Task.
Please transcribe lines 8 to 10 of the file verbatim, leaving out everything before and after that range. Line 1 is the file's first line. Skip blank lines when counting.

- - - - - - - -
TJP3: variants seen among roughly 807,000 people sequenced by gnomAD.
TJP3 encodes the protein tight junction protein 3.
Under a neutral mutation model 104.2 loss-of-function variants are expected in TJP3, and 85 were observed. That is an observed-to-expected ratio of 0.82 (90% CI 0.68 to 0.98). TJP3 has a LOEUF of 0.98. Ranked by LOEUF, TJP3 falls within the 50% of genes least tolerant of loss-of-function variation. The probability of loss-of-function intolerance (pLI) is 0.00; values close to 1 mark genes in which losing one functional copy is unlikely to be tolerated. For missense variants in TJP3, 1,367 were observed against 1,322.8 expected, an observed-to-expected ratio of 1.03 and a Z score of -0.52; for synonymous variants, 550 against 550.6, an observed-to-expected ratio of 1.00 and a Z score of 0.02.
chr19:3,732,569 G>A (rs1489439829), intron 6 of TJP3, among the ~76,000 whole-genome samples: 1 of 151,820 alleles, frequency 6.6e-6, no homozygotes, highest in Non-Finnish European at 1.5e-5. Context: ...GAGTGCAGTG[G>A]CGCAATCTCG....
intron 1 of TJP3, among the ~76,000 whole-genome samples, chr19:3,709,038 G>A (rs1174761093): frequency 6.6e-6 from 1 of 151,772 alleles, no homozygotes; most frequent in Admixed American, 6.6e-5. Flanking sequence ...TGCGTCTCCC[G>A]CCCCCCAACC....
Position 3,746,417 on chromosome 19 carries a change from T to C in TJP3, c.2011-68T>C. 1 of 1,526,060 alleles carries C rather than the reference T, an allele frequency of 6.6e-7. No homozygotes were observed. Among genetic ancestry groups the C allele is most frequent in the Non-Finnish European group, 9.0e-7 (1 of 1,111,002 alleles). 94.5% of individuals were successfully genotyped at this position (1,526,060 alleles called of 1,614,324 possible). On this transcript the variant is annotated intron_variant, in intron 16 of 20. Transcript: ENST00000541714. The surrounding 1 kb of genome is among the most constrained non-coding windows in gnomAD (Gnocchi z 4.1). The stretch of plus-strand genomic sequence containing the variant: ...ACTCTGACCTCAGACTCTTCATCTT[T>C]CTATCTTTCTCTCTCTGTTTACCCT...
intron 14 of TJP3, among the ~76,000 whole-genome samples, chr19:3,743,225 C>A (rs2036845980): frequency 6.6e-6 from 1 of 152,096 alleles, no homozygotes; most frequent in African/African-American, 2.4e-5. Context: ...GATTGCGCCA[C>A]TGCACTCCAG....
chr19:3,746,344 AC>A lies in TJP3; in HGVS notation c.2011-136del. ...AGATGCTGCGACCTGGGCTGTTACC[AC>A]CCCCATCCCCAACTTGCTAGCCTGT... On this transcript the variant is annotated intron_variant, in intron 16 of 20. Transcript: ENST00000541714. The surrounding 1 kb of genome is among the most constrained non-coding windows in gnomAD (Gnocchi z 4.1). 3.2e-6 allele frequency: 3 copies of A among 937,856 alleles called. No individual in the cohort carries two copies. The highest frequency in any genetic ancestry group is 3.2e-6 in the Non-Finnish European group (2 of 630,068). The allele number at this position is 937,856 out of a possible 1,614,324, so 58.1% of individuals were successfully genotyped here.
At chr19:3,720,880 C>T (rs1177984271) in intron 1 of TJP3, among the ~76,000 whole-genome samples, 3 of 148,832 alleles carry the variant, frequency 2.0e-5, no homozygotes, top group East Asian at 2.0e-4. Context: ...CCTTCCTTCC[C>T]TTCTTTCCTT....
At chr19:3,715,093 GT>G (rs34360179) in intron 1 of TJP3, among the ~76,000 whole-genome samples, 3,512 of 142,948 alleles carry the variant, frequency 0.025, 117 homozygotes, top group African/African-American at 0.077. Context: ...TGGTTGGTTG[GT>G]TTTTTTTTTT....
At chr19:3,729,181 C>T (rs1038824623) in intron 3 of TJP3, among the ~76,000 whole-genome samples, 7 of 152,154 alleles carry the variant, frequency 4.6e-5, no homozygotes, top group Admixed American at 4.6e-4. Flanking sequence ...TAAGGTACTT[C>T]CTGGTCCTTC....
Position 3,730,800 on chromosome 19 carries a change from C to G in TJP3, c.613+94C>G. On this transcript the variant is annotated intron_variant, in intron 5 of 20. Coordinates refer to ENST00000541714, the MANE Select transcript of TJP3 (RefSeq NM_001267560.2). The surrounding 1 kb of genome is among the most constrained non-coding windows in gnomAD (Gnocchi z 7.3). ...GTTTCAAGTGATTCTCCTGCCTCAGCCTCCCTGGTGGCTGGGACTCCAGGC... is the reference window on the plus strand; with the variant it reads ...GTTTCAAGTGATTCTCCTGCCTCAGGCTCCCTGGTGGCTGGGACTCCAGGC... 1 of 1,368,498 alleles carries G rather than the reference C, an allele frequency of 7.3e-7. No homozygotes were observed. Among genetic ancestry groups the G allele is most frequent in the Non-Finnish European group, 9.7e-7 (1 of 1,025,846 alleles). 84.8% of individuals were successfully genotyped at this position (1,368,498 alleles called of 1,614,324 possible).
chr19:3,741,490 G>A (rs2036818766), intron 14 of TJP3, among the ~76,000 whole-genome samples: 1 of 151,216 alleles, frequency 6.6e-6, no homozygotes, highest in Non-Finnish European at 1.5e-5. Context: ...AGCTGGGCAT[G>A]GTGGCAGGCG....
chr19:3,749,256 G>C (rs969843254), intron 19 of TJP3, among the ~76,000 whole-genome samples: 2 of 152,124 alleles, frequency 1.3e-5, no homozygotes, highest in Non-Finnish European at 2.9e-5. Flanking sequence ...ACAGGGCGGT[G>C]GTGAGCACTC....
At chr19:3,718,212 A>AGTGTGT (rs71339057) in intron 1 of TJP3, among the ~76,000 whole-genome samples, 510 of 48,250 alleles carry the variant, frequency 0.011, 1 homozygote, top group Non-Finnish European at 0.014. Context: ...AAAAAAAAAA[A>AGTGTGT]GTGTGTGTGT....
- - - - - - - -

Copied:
chr19:3,746,344 AC>A lies in TJP3; in HGVS notation c.2011-136del. ...AGATGCTGCGACCTGGGCTGTTACC[AC>A]CCCCATCCCCAACTTGCTAGCCTGT... On this transcript the variant is annotated intron_variant, in intron 16 of 20. Transcript: ENST00000541714. The surrounding 1 kb of genome is among the most constrained non-coding windows in gnomAD (Gnocchi z 4.1). 3.2e-6 allele frequency: 3 copies of A among 937,856 alleles called. No individual in the cohort carries two copies. The highest frequency in any genetic ancestry group is 3.2e-6 in the Non-Finnish European group (2 of 630,068). The allele number at this position is 937,856 out of a possible 1,614,324, so 58.1% of individuals were successfully genotyped here.
At chr19:3,720,880 C>T (rs1177984271) in intron 1 of TJP3, among the ~76,000 whole-genome samples, 3 of 148,832 alleles carry the variant, frequency 2.0e-5, no homozygotes, top group East Asian at 2.0e-4. Context: ...CCTTCCTTCC[C>T]TTCTTTCCTT....
At chr19:3,715,093 GT>G (rs34360179) in intron 1 of TJP3, among the ~76,000 whole-genome samples, 3,512 of 142,948 alleles carry the variant, frequency 0.025, 117 homozygotes, top group African/African-American at 0.077. Context: ...TGGTTGGTTG[GT>G]TTTTTTTTTT....